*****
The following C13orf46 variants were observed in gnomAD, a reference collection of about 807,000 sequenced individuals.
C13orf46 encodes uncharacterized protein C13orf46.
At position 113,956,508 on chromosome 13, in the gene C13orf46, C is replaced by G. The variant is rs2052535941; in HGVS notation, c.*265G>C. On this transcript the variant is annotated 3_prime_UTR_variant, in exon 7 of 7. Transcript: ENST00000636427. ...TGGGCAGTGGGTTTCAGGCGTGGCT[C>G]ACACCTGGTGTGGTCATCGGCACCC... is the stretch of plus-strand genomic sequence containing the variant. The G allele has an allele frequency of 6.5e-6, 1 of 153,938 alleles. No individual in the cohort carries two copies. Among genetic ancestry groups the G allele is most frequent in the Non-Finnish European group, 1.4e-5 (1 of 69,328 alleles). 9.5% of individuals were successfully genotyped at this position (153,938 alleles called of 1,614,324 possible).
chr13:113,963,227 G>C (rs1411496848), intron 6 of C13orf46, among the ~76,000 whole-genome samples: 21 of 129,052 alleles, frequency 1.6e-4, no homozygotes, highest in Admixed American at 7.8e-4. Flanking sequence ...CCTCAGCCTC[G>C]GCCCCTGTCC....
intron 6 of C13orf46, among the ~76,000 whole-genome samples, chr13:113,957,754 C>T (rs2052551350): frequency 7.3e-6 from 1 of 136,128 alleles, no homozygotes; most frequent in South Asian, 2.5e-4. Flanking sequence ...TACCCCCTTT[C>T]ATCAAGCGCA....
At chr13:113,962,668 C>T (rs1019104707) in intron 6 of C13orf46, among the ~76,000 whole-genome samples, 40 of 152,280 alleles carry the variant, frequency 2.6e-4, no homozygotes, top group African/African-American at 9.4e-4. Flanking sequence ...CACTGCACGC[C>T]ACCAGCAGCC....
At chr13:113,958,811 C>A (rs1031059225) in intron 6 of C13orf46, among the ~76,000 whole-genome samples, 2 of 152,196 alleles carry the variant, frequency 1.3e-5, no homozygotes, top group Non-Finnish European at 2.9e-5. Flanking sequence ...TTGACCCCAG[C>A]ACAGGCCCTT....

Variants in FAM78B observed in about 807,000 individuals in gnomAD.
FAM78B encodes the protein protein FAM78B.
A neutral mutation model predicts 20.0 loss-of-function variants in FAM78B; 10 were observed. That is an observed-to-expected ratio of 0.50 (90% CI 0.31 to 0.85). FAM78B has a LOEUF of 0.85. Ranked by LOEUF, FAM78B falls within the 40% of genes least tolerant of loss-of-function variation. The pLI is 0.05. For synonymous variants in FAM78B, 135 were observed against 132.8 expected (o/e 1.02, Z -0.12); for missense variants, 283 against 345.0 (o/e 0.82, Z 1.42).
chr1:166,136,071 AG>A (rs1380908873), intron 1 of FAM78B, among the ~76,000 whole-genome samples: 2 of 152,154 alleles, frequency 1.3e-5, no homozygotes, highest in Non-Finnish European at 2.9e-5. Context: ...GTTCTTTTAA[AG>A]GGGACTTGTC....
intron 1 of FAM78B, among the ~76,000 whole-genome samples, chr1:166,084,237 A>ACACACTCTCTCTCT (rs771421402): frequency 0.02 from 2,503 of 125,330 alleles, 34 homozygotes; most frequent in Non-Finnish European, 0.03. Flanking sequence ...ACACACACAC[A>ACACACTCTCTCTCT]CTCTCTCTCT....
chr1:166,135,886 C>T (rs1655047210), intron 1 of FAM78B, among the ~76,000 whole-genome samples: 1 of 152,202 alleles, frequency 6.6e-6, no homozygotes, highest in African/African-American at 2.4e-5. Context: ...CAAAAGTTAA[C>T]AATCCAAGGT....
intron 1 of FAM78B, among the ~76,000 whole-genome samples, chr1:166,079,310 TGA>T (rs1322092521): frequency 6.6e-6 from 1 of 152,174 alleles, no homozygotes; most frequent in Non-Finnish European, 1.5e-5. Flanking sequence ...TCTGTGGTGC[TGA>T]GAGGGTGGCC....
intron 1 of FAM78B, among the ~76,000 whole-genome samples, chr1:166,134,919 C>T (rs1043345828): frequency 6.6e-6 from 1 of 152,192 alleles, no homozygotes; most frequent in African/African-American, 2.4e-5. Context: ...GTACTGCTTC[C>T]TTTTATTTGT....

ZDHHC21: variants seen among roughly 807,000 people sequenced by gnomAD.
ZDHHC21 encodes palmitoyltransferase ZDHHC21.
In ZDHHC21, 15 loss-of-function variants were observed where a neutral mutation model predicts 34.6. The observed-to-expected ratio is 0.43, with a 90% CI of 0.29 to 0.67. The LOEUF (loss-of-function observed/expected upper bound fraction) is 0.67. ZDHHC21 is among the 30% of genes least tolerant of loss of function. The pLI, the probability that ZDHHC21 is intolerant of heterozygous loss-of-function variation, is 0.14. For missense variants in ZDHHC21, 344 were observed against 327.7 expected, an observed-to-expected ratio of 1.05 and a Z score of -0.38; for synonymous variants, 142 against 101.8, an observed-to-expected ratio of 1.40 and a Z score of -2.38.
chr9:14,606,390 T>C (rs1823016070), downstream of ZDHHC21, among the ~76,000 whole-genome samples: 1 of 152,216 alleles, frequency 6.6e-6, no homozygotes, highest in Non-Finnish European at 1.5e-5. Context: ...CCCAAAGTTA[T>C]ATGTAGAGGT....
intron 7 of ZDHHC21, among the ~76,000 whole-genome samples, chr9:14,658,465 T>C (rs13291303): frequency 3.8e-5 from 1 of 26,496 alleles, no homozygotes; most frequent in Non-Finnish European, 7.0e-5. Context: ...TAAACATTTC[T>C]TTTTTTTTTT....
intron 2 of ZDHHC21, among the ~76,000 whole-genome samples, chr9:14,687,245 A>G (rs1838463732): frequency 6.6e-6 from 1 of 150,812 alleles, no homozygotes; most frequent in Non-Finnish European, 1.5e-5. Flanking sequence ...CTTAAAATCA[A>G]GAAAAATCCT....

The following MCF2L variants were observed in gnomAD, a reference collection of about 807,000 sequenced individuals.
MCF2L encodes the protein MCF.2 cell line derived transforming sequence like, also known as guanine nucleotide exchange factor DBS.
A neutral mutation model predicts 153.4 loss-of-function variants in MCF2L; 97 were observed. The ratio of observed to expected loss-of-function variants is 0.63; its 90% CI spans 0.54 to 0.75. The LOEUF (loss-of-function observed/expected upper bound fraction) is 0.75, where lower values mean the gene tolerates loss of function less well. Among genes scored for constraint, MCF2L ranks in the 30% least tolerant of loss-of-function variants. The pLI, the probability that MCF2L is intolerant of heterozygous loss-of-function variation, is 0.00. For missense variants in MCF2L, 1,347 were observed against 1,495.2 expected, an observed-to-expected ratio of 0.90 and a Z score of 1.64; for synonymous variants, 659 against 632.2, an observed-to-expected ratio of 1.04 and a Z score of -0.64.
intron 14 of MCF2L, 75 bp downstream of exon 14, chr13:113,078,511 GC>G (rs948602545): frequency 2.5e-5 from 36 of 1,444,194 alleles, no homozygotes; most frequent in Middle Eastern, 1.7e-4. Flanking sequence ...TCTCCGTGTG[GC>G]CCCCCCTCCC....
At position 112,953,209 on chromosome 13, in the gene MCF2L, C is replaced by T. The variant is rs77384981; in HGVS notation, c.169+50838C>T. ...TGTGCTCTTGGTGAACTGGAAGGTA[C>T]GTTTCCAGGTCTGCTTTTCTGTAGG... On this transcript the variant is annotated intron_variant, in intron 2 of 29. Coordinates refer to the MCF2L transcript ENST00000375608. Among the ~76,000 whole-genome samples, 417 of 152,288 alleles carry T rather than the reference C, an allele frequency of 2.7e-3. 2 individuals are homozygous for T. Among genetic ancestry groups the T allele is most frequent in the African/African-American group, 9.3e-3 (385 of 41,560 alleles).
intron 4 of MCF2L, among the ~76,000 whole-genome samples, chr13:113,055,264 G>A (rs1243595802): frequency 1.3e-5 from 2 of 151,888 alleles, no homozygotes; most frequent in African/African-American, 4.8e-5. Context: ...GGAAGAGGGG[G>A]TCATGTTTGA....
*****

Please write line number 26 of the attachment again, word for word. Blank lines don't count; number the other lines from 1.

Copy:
At position 112,953,209 on chromosome 13, in the gene MCF2L, C is replaced by T. The variant is rs77384981; in HGVS notation, c.169+50838C>T. ...TGTGCTCTTGGTGAACTGGAAGGTA[C>T]GTTTCCAGGTCTGCTTTTCTGTAGG... On this transcript the variant is annotated intron_variant, in intron 2 of 29. Coordinates refer to the MCF2L transcript ENST00000375608. Among the ~76,000 whole-genome samples, 417 of 152,288 alleles carry T rather than the reference C, an allele frequency of 2.7e-3. 2 individuals are homozygous for T. Among genetic ancestry groups the T allele is most frequent in the African/African-American group, 9.3e-3 (385 of 41,560 alleles).